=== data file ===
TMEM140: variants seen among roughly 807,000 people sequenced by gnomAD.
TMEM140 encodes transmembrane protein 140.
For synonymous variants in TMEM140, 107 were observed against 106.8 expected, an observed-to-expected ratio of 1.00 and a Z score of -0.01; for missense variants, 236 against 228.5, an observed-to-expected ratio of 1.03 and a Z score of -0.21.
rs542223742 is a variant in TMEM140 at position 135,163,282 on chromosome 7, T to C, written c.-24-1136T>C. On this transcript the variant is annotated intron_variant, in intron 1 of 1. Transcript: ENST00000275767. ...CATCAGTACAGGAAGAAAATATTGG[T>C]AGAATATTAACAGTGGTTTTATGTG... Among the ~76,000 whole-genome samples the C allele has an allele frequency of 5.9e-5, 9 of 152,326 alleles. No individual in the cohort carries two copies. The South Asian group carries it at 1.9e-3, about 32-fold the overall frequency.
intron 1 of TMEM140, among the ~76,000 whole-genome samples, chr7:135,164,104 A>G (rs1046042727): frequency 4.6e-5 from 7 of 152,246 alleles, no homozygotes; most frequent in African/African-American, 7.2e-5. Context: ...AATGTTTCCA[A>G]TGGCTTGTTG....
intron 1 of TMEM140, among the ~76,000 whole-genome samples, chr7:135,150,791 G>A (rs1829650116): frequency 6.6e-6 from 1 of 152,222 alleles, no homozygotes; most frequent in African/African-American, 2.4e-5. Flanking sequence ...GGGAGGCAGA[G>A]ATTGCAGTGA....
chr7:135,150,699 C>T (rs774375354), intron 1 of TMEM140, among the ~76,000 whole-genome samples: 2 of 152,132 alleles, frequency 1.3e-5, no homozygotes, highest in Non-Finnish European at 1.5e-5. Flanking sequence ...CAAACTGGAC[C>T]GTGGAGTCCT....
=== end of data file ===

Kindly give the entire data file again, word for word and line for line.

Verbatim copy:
TMEM140: variants seen among roughly 807,000 people sequenced by gnomAD.
TMEM140 encodes transmembrane protein 140.
For synonymous variants in TMEM140, 107 were observed against 106.8 expected, an observed-to-expected ratio of 1.00 and a Z score of -0.01; for missense variants, 236 against 228.5, an observed-to-expected ratio of 1.03 and a Z score of -0.21.
rs542223742 is a variant in TMEM140 at position 135,163,282 on chromosome 7, T to C, written c.-24-1136T>C. On this transcript the variant is annotated intron_variant, in intron 1 of 1. Transcript: ENST00000275767. ...CATCAGTACAGGAAGAAAATATTGG[T>C]AGAATATTAACAGTGGTTTTATGTG... Among the ~76,000 whole-genome samples the C allele has an allele frequency of 5.9e-5, 9 of 152,326 alleles. No individual in the cohort carries two copies. The South Asian group carries it at 1.9e-3, about 32-fold the overall frequency.
intron 1 of TMEM140, among the ~76,000 whole-genome samples, chr7:135,164,104 A>G (rs1046042727): frequency 4.6e-5 from 7 of 152,246 alleles, no homozygotes; most frequent in African/African-American, 7.2e-5. Context: ...AATGTTTCCA[A>G]TGGCTTGTTG....
intron 1 of TMEM140, among the ~76,000 whole-genome samples, chr7:135,150,791 G>A (rs1829650116): frequency 6.6e-6 from 1 of 152,222 alleles, no homozygotes; most frequent in African/African-American, 2.4e-5. Flanking sequence ...GGGAGGCAGA[G>A]ATTGCAGTGA....
chr7:135,150,699 C>T (rs774375354), intron 1 of TMEM140, among the ~76,000 whole-genome samples: 2 of 152,132 alleles, frequency 1.3e-5, no homozygotes, highest in Non-Finnish European at 1.5e-5. Flanking sequence ...CAAACTGGAC[C>T]GTGGAGTCCT....